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Sam Polk: “Bring healthy food to more people”

I believe that we’ve already inspired social impact entrepreneurs to find new ways to bring healthy food to more people. As we continue to grow and prove that you can make made-from-scratch food delicious and affordable, other brands will follow and fuel a larger movement towards healthy fast food. As part of my series about “individuals […]

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I believe that we’ve already inspired social impact entrepreneurs to find new ways to bring healthy food to more people. As we continue to grow and prove that you can make made-from-scratch food delicious and affordable, other brands will follow and fuel a larger movement towards healthy fast food.


As part of my series about “individuals and organizations making an important social impact”, I had the pleasure of interviewing Sam Polk, co-founder and CEO of Everytable, a revolutionary, mission-based fresh food company that seeks to bring healthy and affordable food to every table in every neighborhood across America. A former hedge fund trader, Sam left an enviable and successful career on Wall Street to follow his heart to fight food injustice and inequality in America. In 2013, he founded a nonprofit called FEAST (originally called Groceryships) to address food-related health problems in South Los Angeles by helping family food providers make healthy choices through nutrition education, cooking classes, free produce, and support groups. In 2015, Sam, together with friend and former private equity professional David Foster, joined forces to create Everytable, which offers made-from-scratch meals priced according to what is affordable in a specific neighborhood. To date, Everytable has sold more than 1 million fresh-prepared meals throughout communities and on college campuses in Southern California through a combination of storefronts, subscriptions and SmartFridges. With the backing of food-forward investors like Kimbal Musk, Maria Shriver, Gwyneth Paltrow, TOMS Social Enterprise Fund, Acumen, and the W.K. Kellogg Foundation, Everytable has the potential to work in every major metropolitan area across the county.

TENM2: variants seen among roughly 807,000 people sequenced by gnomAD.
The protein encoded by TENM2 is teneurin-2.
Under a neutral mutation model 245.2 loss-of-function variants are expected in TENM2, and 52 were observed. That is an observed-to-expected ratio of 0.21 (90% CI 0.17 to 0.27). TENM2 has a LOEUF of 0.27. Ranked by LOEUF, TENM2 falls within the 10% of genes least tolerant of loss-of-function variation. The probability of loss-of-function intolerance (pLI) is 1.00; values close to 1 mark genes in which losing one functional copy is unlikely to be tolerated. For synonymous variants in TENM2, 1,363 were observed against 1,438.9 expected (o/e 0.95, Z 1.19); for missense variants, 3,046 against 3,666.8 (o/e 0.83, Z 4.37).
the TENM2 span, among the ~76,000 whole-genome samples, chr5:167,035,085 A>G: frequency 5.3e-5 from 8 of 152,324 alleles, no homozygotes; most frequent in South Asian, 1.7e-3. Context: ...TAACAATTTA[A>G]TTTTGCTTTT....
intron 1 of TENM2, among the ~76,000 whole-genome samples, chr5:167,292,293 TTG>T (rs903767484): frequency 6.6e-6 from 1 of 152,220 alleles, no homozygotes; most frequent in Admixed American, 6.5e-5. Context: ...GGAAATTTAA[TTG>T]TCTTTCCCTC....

Sam has also authored a book, For the Love of Money, chronicling his journey from Wall Street to advocate for food justice and an equitable world. Additionally, his work and writing has been published in CNBC.com, The Huffington Post, The Los Angeles Times, and New York Times. Sam has appeared on national television and radio including CNN, Morning Joe, Oprah, and The Today Show, and NPR.


Thank you so much for doing this with us! Can you tell us a story about what brought you to this specific career path?

I was just 30 years old and a senior trader for one of the largest hedge funds on Wall Street. During the crash in ’08 and ’09, I started reading a lot about the Civil Rights Movement, and I decided I wanted to spend my life doing something more meaningful than just making money. So I quit my job and moved home to Los Angeles. Soon after, I watched an incredibly impactful Netflix documentary about hunger, food deserts and food insecurity in America. I was stunned at how rampant these problems were in a country as rich as ours. It was then that I opened my eyes to how prevalent those issues were right in my own city and found a new obsession to fight food injustice. Healthy food is a human right, and shouldn’t be a luxury product, which is what it has become.

Can you share the most interesting story that happened to you since you began leading your company or organization?